There is research that supports against just talking about the facts to patients and having empathy toward them instead. According to Daniel Goleman (2013), author of Focus: The Hidden Driver of Excellence, explains that doctors of medicine who get sued for misconduct in the United States “generally make no more medical errors than those who are not sued. The main difference…often comes down to the tenor of the doctor-patient relationship. Those who are sued, it turns out, have fewer signs of emotional rapport” (p. 109). This means doctors that were sued may not have listened to their patients nor had a close relationship with their patients so the patients did not feel comforted and understood but just another number in that doctor’s file. However, this should not mean that the only reason to have empathy and compassion toward your patients is to not get sued, but having empathy toward a person like a patient can have the...
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... I must be able to understand myself to understand others. I must have inner focus and other focus so I can focus on my needs and my patient’s needs. If I want to be a psychologist in the future, I must learn to be attune with peoples' emotions and learn verbal cues; however, activate my TPJ circuit in my mind so I will not get distractions by the constant streams of emotions and focus on the task at hand which is helping people live successful lives.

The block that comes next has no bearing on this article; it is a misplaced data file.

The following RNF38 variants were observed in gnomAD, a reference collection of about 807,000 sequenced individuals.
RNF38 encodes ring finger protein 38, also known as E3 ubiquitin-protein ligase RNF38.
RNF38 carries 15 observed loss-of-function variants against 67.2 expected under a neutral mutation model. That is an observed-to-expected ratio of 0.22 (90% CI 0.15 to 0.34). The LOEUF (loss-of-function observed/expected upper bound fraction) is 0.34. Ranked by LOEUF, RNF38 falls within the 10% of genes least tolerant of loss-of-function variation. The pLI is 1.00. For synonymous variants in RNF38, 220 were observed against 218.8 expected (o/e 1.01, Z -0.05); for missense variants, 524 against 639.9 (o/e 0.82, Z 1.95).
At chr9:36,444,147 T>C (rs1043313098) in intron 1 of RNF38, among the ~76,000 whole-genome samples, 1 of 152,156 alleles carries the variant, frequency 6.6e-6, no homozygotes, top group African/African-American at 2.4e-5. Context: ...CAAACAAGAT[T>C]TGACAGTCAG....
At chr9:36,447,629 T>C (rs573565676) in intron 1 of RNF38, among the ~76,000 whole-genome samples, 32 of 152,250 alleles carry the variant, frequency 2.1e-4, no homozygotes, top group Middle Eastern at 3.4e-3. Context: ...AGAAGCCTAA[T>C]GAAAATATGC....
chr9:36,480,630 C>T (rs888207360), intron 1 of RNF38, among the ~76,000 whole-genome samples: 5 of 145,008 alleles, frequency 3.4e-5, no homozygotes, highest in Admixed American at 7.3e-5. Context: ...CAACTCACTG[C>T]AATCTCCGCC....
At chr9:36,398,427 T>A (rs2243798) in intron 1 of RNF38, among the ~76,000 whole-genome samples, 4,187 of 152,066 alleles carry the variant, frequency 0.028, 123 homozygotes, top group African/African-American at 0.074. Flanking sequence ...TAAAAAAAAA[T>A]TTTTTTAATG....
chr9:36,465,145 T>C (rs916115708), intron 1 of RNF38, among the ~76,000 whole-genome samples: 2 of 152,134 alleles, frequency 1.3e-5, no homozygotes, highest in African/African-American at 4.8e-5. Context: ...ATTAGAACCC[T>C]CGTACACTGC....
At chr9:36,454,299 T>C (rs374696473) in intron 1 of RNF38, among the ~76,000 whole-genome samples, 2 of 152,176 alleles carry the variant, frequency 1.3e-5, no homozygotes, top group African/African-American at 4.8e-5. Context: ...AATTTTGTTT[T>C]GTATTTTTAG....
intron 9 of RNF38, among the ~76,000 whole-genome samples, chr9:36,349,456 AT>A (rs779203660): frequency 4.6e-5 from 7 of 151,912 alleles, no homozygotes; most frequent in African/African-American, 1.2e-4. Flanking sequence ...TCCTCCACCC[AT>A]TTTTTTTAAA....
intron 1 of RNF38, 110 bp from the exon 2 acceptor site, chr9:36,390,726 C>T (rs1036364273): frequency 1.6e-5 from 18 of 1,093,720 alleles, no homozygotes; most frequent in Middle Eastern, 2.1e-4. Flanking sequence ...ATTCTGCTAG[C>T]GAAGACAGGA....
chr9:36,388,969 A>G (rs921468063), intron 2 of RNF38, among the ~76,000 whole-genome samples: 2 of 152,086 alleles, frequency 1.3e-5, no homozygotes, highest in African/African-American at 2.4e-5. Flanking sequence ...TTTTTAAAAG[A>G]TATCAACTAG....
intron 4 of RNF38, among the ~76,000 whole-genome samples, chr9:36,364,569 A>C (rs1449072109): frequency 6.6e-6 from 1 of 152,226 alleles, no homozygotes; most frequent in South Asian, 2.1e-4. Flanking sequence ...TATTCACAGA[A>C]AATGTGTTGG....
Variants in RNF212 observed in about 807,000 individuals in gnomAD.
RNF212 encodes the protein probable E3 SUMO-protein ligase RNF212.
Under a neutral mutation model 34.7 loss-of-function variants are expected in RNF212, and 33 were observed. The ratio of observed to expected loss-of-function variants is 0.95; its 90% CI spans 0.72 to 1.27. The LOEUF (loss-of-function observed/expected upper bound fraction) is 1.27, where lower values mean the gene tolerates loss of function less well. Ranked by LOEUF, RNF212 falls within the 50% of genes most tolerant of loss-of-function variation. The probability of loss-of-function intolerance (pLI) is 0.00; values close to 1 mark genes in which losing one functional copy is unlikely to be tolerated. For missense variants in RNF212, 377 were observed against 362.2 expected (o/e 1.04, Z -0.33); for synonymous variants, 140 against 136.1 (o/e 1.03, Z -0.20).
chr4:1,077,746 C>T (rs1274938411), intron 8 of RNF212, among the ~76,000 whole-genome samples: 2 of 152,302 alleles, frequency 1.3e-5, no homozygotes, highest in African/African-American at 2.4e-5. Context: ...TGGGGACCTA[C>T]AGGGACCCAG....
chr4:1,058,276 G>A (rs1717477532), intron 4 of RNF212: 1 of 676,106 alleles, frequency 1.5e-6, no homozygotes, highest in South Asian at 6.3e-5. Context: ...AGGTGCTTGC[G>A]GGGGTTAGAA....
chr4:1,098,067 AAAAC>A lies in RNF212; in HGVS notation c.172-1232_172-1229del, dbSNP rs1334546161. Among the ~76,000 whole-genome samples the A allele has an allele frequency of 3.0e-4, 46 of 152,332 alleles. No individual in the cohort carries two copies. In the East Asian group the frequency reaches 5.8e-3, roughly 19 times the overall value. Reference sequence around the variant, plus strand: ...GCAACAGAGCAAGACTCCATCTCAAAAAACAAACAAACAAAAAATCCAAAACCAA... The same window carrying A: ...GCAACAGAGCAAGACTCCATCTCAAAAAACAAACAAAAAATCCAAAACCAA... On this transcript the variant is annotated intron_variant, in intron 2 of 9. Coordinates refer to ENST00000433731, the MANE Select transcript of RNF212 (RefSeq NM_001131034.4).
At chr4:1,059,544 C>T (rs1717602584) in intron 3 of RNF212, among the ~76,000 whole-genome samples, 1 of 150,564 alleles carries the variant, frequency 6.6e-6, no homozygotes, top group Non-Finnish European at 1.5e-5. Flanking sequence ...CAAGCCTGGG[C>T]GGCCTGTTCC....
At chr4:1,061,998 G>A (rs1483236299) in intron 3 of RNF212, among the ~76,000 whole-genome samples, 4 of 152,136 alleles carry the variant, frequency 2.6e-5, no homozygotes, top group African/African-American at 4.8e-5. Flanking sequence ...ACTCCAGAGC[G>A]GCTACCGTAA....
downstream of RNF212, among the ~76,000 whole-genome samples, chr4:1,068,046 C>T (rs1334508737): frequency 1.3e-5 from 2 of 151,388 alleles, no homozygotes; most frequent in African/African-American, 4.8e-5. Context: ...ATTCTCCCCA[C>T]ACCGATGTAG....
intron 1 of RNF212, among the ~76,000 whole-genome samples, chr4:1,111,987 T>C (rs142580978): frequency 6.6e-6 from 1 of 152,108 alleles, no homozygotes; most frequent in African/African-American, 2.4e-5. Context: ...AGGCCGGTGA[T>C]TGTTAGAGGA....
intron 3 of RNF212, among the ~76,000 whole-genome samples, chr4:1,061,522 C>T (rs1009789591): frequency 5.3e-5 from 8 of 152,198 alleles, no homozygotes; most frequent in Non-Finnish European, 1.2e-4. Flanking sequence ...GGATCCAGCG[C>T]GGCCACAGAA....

Goleman, D. (2013). Focus: The hidden driver of excellence. New York: HarperCollins
Halifax, J. (2010). Compassion and the true meaning of empathy [Audio file]. Retrieved from http://www.ted.com/talks/joan_halifax
McGonigal, J. (2012). The game that can give you 10 extra years of life [Audio file]. Retrieved from http://www.ted.com/talks/jane_mcgonigal_the_game_that_can_give_you_10_extra_years_of_life
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